Cass: My amendment to this much-admired framework, much admired by me, is to turn it to FEAST, meaning have F for fun to start the show. And, that really does resonate, I've found, in the last months, in policy circles. There is clarity on the part of many public officials that this connects with something human. And, both, if you are exercising your responsibilities as leader and if you're implementing a policy, to think of people's affective response is really important.
Cass: If people are having fun with their job, that can increase productivity and increase effectiveness. So, really, on a front tiers issue here to say, let's say, in a medium-sized enterprise that is engaged in making something and selling something, that this is a fun place to work. That's good for business. It doesn't illegitimate the enterprise. It makes people more motivated. It makes people feel respected. It makes people really want to work there. I've worked with law firms and such, and sometimes they are explicit that their job is fun, and they both like that and they market that.
Cass: Some things would be disrespectful to make them fun, and to make a joke on an occasion that has some things associated with it would be inconsistent with the nature of the occasion. And, cultures, as you say, are different, on this count. Since I've been working on the topic of fun and behavior change, I've actually talked to policymakers. I've noticed that in some cultures, the idea is extremely resonant, and in other cultures, there's a question mark next to it. The idea connects deeply with cultural understandings in some places, and in other places, not that it doesn't, but just less so, and that's just how things are now, or maybe how things have been for 400 years.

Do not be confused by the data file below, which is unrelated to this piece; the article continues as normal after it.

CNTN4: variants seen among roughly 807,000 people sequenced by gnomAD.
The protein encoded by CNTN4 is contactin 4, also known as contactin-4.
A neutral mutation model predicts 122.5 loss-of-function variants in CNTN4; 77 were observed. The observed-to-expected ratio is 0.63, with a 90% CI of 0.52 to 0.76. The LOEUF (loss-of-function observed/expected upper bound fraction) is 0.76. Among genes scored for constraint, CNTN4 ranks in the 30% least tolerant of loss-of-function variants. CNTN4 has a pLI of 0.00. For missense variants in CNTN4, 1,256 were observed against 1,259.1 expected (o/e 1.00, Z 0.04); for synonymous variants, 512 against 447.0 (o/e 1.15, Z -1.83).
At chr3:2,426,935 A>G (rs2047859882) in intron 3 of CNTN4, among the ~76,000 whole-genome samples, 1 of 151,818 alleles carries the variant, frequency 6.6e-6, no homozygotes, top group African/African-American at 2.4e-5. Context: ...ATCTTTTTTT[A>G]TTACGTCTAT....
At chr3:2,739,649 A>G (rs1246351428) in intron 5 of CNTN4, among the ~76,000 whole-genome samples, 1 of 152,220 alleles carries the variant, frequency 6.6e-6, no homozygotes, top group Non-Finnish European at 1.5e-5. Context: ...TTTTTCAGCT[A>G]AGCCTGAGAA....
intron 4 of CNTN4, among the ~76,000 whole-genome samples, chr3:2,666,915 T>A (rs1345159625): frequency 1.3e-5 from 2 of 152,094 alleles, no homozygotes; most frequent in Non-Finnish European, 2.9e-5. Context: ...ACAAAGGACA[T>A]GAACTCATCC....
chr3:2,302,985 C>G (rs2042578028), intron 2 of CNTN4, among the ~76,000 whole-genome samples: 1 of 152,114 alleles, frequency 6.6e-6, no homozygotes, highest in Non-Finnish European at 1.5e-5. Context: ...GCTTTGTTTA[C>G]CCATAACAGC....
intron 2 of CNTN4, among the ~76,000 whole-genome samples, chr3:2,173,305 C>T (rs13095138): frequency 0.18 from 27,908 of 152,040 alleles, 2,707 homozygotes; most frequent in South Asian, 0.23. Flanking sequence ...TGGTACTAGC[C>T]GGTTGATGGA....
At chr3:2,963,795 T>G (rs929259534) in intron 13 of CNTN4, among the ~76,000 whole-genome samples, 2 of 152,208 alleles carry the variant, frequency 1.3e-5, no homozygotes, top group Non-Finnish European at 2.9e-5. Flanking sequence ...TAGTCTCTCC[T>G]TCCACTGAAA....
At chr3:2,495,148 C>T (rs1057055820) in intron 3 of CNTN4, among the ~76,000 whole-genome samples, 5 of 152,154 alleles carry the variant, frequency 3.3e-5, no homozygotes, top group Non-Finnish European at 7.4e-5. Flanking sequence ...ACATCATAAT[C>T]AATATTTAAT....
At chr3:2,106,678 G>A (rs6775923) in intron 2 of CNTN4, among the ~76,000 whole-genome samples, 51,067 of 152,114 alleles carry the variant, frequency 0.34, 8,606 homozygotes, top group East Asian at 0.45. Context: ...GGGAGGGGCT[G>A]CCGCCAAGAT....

Cass: If the goal is to stop, let's say, sexual harassment, probably the EAST framework is really good, and the addition of F is not the best thing in the world. So, it's even hard to get one's mind around the idea of not sexually harassing is a fun thing to do. It's the right thing to do. It doesn't add fun. I hope it doesn't subtract fun. But, that's not what it's about. On the other hand, if you're trying to help people to eat healthier, or to cope with the pandemic, or to deal with a safety problem at work, the F is really good to keep in mind.
Brooke: As you were talking, one of the thoughts that jumped to mind is that fun, because it's effective, is kind of cheating, isn't it? Is that really fun? Is that authentic fun, or is that instrumentalizing fun simply because it's an effective means to reach your end goal?
Cass: I think instrumentalized fun is completely fine. If you are a teacher of, let's say, high school students, and you think over the summer, either because it's going to be online or because it's going to be challenging and a hybrid or challenging in there, I'm going to put a premium on fun, both because I want the students to have a good experience, and I think if they're having fun, they're going to learn better. That is instrumentalizing fun, and that's not wrong.
Brooke: I'm reminded of the dictum from Kant, that you shouldn't use people as a means to an end. We're not strictly as a means to an end. They should also be a good in themselves. I wonder if fun is something we should treat the same way, that you can use fun to achieve other things, but you shouldn't only use it for that reason. It needs to have some inherently free-spirited, enjoyable, unencumbered purpose to be able to be what it is.
Cass: Well, it depends on the context. If you're going out with someone you're dating and you think it's going to be a really fun evening, that's for its own sake. I mean, it might be relationship building, also, but it's not to get them, we hope, to lose weight or stop smoking. It's that you're going to have a fun evening.
Cass: So, in some context, fun is for itself, basically, only or mostly. It's not treating people as means to say, "We're going to have fun together." We're going to go to a movie, in the ancient days when people went to movies. Or, we're going to go to dinner in what remain days where people were able to go to dinner. That's intrinsically fine.